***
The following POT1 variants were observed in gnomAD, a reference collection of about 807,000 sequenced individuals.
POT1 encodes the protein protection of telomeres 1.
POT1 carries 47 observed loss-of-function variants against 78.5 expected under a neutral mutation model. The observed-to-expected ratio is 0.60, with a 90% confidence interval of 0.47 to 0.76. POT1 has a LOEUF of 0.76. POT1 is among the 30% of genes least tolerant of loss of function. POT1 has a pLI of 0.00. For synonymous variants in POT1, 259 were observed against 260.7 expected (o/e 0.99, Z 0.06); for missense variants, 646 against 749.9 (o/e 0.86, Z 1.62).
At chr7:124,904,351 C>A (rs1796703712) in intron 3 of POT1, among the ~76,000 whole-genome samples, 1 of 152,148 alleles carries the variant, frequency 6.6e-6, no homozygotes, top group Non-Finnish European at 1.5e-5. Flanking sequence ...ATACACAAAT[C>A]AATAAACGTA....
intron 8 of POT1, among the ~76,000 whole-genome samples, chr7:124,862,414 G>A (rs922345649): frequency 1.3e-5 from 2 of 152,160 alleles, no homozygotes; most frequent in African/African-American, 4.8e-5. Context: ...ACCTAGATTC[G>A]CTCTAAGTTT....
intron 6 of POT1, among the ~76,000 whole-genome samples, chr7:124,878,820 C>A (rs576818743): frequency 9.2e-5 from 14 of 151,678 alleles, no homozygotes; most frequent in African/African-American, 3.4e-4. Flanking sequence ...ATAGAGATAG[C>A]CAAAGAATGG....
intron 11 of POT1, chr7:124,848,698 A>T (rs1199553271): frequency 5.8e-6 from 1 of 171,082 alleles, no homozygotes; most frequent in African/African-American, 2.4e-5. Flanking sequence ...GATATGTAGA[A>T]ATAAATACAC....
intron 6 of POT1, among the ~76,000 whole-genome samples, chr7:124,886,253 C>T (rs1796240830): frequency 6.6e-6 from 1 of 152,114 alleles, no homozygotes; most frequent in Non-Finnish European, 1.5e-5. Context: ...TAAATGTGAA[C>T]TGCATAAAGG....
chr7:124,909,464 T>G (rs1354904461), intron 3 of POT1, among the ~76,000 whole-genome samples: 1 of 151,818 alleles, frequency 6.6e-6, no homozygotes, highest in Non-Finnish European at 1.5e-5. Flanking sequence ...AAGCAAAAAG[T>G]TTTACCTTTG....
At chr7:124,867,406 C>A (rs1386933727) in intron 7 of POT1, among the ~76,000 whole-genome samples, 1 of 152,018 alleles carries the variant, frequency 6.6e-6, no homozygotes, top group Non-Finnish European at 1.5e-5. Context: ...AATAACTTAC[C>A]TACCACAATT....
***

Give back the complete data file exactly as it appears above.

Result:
The following POT1 variants were observed in gnomAD, a reference collection of about 807,000 sequenced individuals.
POT1 encodes the protein protection of telomeres 1.
POT1 carries 47 observed loss-of-function variants against 78.5 expected under a neutral mutation model. The observed-to-expected ratio is 0.60, with a 90% confidence interval of 0.47 to 0.76. POT1 has a LOEUF of 0.76. POT1 is among the 30% of genes least tolerant of loss of function. POT1 has a pLI of 0.00. For synonymous variants in POT1, 259 were observed against 260.7 expected (o/e 0.99, Z 0.06); for missense variants, 646 against 749.9 (o/e 0.86, Z 1.62).
At chr7:124,904,351 C>A (rs1796703712) in intron 3 of POT1, among the ~76,000 whole-genome samples, 1 of 152,148 alleles carries the variant, frequency 6.6e-6, no homozygotes, top group Non-Finnish European at 1.5e-5. Flanking sequence ...ATACACAAAT[C>A]AATAAACGTA....
intron 8 of POT1, among the ~76,000 whole-genome samples, chr7:124,862,414 G>A (rs922345649): frequency 1.3e-5 from 2 of 152,160 alleles, no homozygotes; most frequent in African/African-American, 4.8e-5. Context: ...ACCTAGATTC[G>A]CTCTAAGTTT....
intron 6 of POT1, among the ~76,000 whole-genome samples, chr7:124,878,820 C>A (rs576818743): frequency 9.2e-5 from 14 of 151,678 alleles, no homozygotes; most frequent in African/African-American, 3.4e-4. Flanking sequence ...ATAGAGATAG[C>A]CAAAGAATGG....
intron 11 of POT1, chr7:124,848,698 A>T (rs1199553271): frequency 5.8e-6 from 1 of 171,082 alleles, no homozygotes; most frequent in African/African-American, 2.4e-5. Flanking sequence ...GATATGTAGA[A>T]ATAAATACAC....
intron 6 of POT1, among the ~76,000 whole-genome samples, chr7:124,886,253 C>T (rs1796240830): frequency 6.6e-6 from 1 of 152,114 alleles, no homozygotes; most frequent in Non-Finnish European, 1.5e-5. Context: ...TAAATGTGAA[C>T]TGCATAAAGG....
chr7:124,909,464 T>G (rs1354904461), intron 3 of POT1, among the ~76,000 whole-genome samples: 1 of 151,818 alleles, frequency 6.6e-6, no homozygotes, highest in Non-Finnish European at 1.5e-5. Flanking sequence ...AAGCAAAAAG[T>G]TTTACCTTTG....
At chr7:124,867,406 C>A (rs1386933727) in intron 7 of POT1, among the ~76,000 whole-genome samples, 1 of 152,018 alleles carries the variant, frequency 6.6e-6, no homozygotes, top group Non-Finnish European at 1.5e-5. Context: ...AATAACTTAC[C>A]TACCACAATT....